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Audiobooks Can Turn a New Chapter in Reading for Your Child with Special Needs

With summer approaching, it is the time for summer booklists and dreamy thoughts of poolside or beachside reading.  It is also time to help children prepare for their summer reading fun.  I encourage all families to make use of a free and widely available tool to increase language and literacy abilities in students: Audiobooks!

Web girl-1176165_1920If you are an audiobook enthusiast, you already know how much there is to learn from this powerful and addicting resource.  If considering using audiobooks for the first time with your child, don’t hesitate!   Summer is the perfect time to explore the world of audiobooks and relax somewhere special, while the written word is brought to life.

Audiobooks increase accessibility to and independence with written material. Many students with special needs often have different relationships to reading material than other people; there are often large barriers between our students and the content contained in print. Our students deserve equal access to literature.  Audiobooks help to breakdown hidden barriers contained in print and level the playing field.   With the press of a button, your child is in business.

There are many difficulties people with special needs may encounter when trying to access text, including:

  • Decoding for some children and adolescents can be difficult work and very labor intensive, which impedes comprehension of the material.
  • Longer or thicker books may be intimidating to students causing anxiety, avoidance and diminished self-confidence.
  • They may have difficulty turning pages and/or visually scanning text.
  • Students may decode well but may have difficulty with inferential thinking (ability to read between the lines)
  • Families may have less time to do so because their child may require more care in other areas, such as with eating, bathing, getting dressed or dealing with behavioral challenges.

Audiobooks increase comprehension by 76 percent!   Did you know your child’s reading level may not be her comprehension level?  Your child may be like many people and able to comprehend two levels beyond her own reading level!    Why not embrace opportunities for your child to listen to audiobooks and learn information he is developmentally ready for?  Audiobooks provide context that supports understanding of more challenging words and ideas.  Audiobooks are typically read by esteemed actors whose voices imbue text with meaning.  Different voices are often acted out making it clear who is speaking and helping the child follow along with the plot.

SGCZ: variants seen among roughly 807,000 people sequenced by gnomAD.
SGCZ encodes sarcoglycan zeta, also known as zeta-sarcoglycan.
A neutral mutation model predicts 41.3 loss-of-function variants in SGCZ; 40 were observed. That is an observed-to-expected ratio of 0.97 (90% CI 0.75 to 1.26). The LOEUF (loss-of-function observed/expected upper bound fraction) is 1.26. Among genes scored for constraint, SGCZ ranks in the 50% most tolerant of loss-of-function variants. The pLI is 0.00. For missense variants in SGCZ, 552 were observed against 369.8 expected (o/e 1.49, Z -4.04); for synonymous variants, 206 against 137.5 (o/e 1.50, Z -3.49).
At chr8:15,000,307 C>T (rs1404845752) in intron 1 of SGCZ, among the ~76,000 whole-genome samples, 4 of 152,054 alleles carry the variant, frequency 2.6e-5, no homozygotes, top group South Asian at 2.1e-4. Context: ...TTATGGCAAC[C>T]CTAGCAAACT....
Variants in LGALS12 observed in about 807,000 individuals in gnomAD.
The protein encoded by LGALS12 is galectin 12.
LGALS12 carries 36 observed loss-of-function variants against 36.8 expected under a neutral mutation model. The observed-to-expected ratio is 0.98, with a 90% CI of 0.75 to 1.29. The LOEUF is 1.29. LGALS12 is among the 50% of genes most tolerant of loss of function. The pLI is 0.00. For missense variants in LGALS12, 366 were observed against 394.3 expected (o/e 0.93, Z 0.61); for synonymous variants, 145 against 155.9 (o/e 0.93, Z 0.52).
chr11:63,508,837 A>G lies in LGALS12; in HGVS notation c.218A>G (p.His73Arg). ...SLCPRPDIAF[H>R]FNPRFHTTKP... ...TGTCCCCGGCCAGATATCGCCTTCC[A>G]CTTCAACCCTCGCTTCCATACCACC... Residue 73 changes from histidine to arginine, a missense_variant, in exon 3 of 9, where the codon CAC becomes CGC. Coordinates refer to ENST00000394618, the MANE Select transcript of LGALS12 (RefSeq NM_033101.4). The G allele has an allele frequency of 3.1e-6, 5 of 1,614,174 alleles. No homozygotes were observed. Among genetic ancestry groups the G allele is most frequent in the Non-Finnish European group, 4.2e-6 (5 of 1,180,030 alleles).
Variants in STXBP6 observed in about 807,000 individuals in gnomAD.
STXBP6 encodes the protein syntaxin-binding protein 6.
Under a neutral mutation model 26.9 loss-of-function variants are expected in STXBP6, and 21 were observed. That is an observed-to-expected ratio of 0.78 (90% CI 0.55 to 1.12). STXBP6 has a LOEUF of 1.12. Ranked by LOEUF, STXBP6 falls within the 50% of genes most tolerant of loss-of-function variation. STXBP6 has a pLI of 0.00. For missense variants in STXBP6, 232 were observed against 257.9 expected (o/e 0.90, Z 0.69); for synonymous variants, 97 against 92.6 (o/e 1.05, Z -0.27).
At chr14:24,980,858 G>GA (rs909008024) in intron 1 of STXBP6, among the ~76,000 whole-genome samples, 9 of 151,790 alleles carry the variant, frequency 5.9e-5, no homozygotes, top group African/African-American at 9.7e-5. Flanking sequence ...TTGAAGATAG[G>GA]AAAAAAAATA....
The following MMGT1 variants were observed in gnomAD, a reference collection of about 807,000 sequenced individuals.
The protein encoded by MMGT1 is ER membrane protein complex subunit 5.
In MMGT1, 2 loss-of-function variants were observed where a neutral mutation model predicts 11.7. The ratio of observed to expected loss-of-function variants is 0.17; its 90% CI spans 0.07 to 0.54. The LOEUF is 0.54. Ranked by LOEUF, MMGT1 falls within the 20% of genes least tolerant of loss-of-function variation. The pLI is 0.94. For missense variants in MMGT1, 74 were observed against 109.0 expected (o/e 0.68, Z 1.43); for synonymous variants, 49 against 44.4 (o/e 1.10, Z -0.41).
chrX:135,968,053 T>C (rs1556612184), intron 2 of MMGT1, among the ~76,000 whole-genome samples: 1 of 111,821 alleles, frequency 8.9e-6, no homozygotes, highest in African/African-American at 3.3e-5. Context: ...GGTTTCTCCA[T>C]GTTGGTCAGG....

Boost language skills and content knowledge! The words, sentence structures and ideas used in books differ greatly from the functional language and ideas we communicate every day.  Literacy experiences through audiobooks provide children the gift of gaining exposure to rich vocabulary and novel, creative ways of saying things.  Children acquire background knowledge that allows them to think about and converse about broader, more worldly topics and helps them make connections more easily to the curriculum at school.  When enjoyed with a parent or sibling, audiobooks provide great springboards for family discussions.

Combining print and audio increases recall significantly over reading print alone! Audiobooks can be listened to as a person reads along with the text.  Using two modalities as opposed to one has been shown to help students remember the text better and also score higher on tests.  For more advanced readers who may not have the stamina or confidence for a longer book, part of the book can be read and part can be listened to.  Alternating chapters is an option, as is reading the first few chapters and listening to the last few.

Multiple formats to choose from make finding an audiobook easy. Choose from CDs or downloadable digital books (e.g., Audible, Google Play, Overdrive) In my experience, students newer to audiobooks may benefit from the CD format, as tablets and smartphones are often discriminated stimuli for other forms of entertainment or are distracting because of their other features.  Also, CDs are acceptable for a student to listen to in bed, whereas tablets and smartphones should not be in a child’s room at night.  Most audiobooks are available from the library, as libraries share their inventories.  It is possible and convenient to reserve audiobooks from your library’s Website then pick them up at the front desk.  Keep in mind that apps such as OverDrive allow for modifications that may be helpful to some students, such as listening at half speed.

Explore the wide world of audiobooks. Just like when choosing a book, certain audiobooks are a better fit than others. Consider your child’s interests.  If an audiobook is not a great match, please don’t give up trying.  Try different selections until your child is interested.

How to Get Audiobooks

Your local library is a wonderful source of audiobooks on CDs and downloadable audiobooks.  If you do not have a library card, add a trip to the library to your summer plans!

Another easy option for getting audiobooks is using Audible or Google Play.  You can purchase audiobooks through their Websites or apps.